2020 has shown us that no matter how well you plan for the future, things don’t always go according to plan. I had to laugh as I read about a prediction made back in 1967, when experts predicted that by the turn of the century technology would have taken over so much of the work we do that the average American work week would be only 22 hours long, and they stated that we would work only 27 weeks a year. As a result, one of our biggest problems would be in deciding what to do with all our leisure time. Wow! I don’t know about you, but that prediction certainly missed the mark as far as my life is concerned! In fact, most of us seem to be overly busy. We’re always in a hurry. We walk fast, and talk fast, and eat fast. Then after we eat, all too often, we stand up and say, "Excuse me. I’ve gotta run."
Well, it’s that time of the year again when we start thinking about New Year’s resolutions and setting goals for a new year. Only thing is, things often don’t turn out as we planned because most people aren’t so good at following through on their goals for very long. So what should we do? In one survey by psychologists at the University of Washington, the researchers found that most people keep the promise they put at the top of their list, at least for a while. But the most interesting result of the survey found that people are more willing to do something they know is right than give up something they know is wrong: 84% of those surveyed vowed to start doing something like exercising, but only 14% vowed to give up something. In a 2003 article by Bryan Eisenberg that still makes a lot of sense, he offers these tips for keeping at your New Year’s goals:
- Make only one or two resolutions.
- Choose resolutions you’ve been thinking about for a while.
- Adopt a new good behavior rather than trying to shake an engrained bad habit.
- Choose realistic goals you feel confident you can meet.
- If you don’t succeed, determine the barriers that blocked you, and try again.
So here we are at the end of 2020 moving into 2021. I wonder how we’ll do this year? Will we be busy? Will we make better use of our time? In 362 days, when this year is over, will we look back with joy or with regret? Will we look to the future with anticipation or with dread? I want to add one more recommendation to the tips listed above as you consider goals for a new year. Ephesians 5:15-17 tells us: "Be very careful, then, how you live—not as unwise but as wise, making the most of every opportunity, because the days are evil. Therefore, do not be foolish, but understand what the Lord’s will is."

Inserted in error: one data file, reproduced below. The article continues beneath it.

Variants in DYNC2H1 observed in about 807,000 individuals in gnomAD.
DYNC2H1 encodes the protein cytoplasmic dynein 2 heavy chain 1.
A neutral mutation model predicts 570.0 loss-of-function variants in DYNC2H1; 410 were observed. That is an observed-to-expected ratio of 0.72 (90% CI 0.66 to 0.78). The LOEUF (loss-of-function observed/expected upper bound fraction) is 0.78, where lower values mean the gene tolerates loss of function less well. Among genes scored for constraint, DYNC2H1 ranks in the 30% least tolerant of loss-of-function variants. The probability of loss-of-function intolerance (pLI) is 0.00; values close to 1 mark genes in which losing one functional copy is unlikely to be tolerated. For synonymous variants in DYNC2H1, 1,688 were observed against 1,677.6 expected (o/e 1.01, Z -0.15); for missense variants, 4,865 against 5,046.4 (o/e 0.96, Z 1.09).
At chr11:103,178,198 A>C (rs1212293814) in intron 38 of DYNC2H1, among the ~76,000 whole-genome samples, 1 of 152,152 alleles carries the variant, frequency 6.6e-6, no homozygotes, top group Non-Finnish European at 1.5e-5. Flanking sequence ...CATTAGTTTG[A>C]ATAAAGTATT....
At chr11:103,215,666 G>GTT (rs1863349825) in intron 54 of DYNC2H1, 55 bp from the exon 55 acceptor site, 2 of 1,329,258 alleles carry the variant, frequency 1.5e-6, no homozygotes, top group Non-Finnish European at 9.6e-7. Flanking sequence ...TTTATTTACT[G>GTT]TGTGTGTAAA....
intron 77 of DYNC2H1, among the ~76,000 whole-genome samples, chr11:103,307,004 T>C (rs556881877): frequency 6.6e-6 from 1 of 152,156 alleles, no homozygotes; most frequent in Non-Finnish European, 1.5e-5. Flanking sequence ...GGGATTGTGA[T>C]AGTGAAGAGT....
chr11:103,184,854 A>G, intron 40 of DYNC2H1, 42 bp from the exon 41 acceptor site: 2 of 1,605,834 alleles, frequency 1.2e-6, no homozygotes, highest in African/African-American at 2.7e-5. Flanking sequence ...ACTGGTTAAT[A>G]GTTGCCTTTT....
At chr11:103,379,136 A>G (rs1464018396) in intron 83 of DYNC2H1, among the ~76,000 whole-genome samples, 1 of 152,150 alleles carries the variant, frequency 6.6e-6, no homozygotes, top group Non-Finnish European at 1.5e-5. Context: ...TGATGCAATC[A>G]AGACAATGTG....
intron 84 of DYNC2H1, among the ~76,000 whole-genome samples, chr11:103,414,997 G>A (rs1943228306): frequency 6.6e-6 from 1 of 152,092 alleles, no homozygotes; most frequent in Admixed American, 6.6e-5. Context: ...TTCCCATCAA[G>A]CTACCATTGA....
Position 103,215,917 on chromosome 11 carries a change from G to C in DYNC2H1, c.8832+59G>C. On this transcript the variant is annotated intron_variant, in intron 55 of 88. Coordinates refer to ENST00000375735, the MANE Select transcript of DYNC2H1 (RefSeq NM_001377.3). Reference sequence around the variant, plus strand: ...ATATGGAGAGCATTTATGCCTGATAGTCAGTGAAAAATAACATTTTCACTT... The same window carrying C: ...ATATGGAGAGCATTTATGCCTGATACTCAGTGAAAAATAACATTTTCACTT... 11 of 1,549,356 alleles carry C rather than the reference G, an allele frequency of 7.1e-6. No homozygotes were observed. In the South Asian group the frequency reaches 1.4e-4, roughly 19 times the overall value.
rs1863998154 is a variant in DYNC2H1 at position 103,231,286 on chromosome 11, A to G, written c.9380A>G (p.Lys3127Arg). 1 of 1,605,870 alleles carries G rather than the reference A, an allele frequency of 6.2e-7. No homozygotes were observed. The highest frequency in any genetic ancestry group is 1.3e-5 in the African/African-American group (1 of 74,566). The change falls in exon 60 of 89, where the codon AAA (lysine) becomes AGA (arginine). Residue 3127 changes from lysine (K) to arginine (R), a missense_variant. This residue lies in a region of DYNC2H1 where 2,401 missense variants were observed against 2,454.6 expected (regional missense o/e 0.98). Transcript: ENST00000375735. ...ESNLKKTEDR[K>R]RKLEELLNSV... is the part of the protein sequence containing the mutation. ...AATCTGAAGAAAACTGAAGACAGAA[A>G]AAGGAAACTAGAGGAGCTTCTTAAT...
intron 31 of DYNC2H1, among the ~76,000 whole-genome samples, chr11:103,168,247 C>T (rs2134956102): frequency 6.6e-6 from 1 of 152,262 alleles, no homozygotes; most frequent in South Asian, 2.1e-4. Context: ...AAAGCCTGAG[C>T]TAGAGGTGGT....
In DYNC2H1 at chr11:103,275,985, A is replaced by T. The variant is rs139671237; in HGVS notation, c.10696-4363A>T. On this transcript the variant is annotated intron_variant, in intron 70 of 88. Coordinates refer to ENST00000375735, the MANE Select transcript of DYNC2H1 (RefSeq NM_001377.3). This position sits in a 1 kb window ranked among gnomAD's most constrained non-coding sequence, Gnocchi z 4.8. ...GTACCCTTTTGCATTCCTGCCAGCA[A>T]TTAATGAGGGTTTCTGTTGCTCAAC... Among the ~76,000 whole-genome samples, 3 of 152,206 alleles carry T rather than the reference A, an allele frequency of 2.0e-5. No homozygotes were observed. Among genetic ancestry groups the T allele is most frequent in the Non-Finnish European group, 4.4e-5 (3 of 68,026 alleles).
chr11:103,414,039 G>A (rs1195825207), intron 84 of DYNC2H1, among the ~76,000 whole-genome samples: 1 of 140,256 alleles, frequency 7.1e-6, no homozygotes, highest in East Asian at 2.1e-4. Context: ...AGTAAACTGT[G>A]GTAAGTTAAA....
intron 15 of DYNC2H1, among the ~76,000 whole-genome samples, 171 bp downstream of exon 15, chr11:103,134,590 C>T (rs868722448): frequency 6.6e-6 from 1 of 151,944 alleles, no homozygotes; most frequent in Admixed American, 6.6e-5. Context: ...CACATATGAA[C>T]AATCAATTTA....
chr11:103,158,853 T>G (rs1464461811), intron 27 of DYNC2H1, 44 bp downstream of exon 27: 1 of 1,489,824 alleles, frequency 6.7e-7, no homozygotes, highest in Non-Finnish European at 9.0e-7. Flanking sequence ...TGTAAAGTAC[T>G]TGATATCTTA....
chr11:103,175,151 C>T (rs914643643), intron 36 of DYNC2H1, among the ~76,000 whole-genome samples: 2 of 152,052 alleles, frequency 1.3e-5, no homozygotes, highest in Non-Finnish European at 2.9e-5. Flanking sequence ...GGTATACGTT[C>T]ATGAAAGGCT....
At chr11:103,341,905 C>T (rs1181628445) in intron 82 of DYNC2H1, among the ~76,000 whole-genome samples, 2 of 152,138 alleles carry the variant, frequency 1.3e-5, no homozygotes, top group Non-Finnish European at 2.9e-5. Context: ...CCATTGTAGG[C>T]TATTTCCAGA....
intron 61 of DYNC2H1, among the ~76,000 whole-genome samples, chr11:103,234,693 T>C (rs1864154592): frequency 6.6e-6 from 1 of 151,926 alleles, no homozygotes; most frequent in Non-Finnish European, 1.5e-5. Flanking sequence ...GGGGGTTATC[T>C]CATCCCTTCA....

Let’s get intentional about our spiritual life this year, reading and studying the Bible as we commit to worshipping together as Community Christian Church. It will help you “understand what the Lord’s will is” for you.
Celebrating 2021 with you,
Here's a little thought (because little thoughts are all I have) from Tyler as we enter into a New Year. Happy New Year and may God bless you some way somehow!
From his beginnings as a humble carpenter to his all-important role as the earthly father of Jesus, Joseph’s place in the nativity story is sometimes overlooked. We’re quite familiar with Mary’s role in the Christmas story, and we speak often about her in the retelling of the birth of Christ, but Joseph? Not so much. Yet Joseph’s life contains valuable lessons for all of us. His courageous actions were crucial to the birth of Christ and God’s salvation plan for humanity. Through the life and stories that Jesus told, it becomes apparent that Joseph intentionally taught and modeled for Jesus who God is and what God’s will was for his life.
In his book, Faithful, Adam Hamilton asks: When Jesus told the parable of the prodigal son—likening God to the patient and merciful father who took back his son even after the boy had demanded his inheritance in advance and then squandered everything on wild living—had Jesus seen this kind of love and forgiveness by Joseph in response to one or more of his brothers? When Jesus spoke about the importance of telling the truth, might he have been describing what he had learned by watching Joseph? When Jesus taught his disciples that true greatness is found in humble service, might he have been describing what he had seen in his carpenter father every single day?” Those are good questions for us to reflect on as we celebrate the birth of Jesus this Christmas season.
There are many things we can learn from Joseph who, no doubt, had a huge part in shaping the life of Jesus. I am looking forward to preaching a Christmas message series that looks more closely into the life of Joseph, one that seeks to see Christmas through his eyes. For many people this year, COVID-19 is making it more difficult to enjoy the Christmas season. Maybe they have lost a job. Maybe they have lost a loved one or a close friend. Maybe they are tired of shut-downs and the stress of being cooped up with family at home. Maybe they are missing their friends at school or at college. Maybe they are missing getting together with family and friends during the holidays.